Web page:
RNA sizes

David F. Spencer dspencer at is.dal.ca
Fri May 30 16:02:24 EST 1997


In article <338C0991.1E9D at ukbf.fu-berlin.de>, schmidt-ott at ukbf.fu-berlin.de
wrote:

> Hello!
> I made a weird observation concerning RNA sizes: I ran total RNA 
> from tissue cultures on a non-denaturating agarose gel to check for
> integrity, using a DNA size marker (100 bp-Marker). On repetition of the
> experiment, the 18S and 28S bands appeared in different positions
> relative to the DNA marker. I suspect that this might be due to
> different concentrations of agarose in the gel. Has anyone made a
> similar observation ?
> Secondly, I am desperately looking for a source where I can find the
> exact bp sizes of the 18S and 28S RNA bands in different species, for
> example in rats, mice, cattle etc.


The mobility of 18S and 28S RNAs on non-denaturing gels will have no particular
relationship to their actual sizes. These RNAs have considerable secondary
structure and this is responsible for the mobility differences between gels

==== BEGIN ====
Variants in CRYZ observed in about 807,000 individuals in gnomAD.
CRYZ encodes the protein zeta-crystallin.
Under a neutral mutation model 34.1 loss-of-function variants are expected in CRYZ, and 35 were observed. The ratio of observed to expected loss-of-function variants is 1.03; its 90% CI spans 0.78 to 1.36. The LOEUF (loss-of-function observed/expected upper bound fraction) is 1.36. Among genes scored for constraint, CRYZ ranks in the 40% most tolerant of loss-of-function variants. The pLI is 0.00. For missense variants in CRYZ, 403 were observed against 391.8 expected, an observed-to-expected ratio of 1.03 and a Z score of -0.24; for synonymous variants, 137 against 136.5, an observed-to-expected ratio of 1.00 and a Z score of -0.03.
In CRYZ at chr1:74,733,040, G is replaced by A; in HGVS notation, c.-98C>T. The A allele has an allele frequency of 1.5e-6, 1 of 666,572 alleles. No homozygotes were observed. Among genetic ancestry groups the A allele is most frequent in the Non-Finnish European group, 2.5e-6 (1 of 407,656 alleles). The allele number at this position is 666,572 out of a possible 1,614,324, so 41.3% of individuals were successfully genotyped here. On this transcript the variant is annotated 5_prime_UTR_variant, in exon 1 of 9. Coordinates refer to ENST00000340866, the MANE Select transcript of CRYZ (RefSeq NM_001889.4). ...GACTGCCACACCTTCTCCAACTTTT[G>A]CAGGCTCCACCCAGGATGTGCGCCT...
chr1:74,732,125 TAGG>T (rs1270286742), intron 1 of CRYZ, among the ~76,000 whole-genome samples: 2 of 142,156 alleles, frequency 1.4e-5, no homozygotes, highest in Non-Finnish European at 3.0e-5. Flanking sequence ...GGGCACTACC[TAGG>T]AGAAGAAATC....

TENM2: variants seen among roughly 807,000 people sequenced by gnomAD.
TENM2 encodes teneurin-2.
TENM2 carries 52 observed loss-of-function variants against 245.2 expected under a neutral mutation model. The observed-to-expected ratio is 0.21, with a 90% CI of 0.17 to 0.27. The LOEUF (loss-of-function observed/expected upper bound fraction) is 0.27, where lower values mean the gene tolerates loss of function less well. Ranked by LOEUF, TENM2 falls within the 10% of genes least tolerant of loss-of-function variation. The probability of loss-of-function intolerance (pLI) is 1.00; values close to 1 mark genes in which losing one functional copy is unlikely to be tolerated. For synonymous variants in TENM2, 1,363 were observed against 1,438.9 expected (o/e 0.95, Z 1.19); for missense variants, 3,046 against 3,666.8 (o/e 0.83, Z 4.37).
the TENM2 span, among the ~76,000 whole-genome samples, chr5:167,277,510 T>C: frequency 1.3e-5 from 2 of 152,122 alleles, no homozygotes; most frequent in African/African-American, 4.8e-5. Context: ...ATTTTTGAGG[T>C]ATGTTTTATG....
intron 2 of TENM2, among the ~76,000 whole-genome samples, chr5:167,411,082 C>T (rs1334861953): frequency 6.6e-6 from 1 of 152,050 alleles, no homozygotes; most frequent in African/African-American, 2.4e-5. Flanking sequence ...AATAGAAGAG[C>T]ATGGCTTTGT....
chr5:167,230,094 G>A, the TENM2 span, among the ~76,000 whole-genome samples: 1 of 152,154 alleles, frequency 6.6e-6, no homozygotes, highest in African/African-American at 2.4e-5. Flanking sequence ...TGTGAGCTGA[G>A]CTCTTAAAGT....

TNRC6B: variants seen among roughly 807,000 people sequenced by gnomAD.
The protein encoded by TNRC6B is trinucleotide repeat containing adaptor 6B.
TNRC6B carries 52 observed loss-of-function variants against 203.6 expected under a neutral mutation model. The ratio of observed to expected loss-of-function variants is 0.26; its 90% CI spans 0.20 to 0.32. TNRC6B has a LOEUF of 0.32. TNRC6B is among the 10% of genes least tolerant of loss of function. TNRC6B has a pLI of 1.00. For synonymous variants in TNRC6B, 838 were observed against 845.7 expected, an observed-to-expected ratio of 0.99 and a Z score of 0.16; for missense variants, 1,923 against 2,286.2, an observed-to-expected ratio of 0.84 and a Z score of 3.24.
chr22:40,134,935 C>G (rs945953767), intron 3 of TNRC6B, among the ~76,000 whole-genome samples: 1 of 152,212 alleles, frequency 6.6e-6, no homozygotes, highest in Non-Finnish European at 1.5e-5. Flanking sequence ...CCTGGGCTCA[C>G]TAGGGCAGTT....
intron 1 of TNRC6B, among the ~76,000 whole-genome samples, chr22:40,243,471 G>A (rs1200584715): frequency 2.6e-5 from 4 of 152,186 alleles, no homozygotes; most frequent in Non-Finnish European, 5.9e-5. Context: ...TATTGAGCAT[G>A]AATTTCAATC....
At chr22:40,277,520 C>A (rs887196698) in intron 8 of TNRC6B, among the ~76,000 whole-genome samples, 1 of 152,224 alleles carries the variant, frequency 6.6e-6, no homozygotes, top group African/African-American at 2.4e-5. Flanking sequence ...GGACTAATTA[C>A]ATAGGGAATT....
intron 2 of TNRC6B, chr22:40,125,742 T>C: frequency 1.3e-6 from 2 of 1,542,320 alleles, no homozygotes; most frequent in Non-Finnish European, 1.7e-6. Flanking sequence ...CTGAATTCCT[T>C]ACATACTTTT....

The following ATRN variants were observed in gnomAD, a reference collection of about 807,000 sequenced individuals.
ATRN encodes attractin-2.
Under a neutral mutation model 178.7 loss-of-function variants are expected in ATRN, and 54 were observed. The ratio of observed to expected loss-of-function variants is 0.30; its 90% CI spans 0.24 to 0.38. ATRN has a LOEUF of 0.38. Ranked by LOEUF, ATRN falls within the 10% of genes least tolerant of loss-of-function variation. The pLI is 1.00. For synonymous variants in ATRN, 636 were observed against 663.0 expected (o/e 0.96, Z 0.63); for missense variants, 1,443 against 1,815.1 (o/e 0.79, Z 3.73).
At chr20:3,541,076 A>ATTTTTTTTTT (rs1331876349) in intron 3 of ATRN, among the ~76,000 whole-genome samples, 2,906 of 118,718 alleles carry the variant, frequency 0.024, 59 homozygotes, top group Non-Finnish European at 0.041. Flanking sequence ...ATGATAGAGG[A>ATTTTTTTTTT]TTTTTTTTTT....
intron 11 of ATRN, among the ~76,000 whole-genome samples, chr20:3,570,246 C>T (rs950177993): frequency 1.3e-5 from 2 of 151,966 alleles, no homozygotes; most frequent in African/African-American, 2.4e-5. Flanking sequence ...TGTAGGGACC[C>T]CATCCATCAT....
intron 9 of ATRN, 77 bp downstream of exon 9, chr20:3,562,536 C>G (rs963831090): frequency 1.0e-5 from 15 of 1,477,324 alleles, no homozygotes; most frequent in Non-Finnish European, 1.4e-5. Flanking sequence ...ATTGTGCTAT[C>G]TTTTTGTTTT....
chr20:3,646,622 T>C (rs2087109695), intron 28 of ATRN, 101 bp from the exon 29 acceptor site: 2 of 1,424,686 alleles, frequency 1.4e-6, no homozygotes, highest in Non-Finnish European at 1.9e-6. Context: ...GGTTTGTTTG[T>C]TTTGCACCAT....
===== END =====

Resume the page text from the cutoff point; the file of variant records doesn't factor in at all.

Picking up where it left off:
of different pore sizes. In addition, evaluating RNA quality on non-denaturing
gels will give unreliable estimates of RNA degradation because secondary
structure can hold together pieces that are no longer continuous. You should use
denaturing agarose (formaldehyde) or acrylamide (urea) if that is the goal; the
latter is the more practical for RNA's that are about 2 k or shorter and much
easier to work with. For larger RNAs you're pretty much stuck with either
formaldehyde, gloxal or methylmercury (yuk) agarose gels.

The sizes of mammalian LSUs (28S) vary considerably from a high of more than 5k
for human, to about 4.7 for rodent and can range down to about 3.8 k. But their
mobility on non-denaturing gels will not necessarily reflect their true size;
even on denaturing gels the mobilities of rRNAs are not entirely predictable.

Dave

-- 

David F. Spencer, PhD
Dept. of Biochemistry
Dalhousie University
Halifax, Nova Scotia, Canada

dspencer at is.dal.ca
dspencer at rsu.biochem.dal.ca




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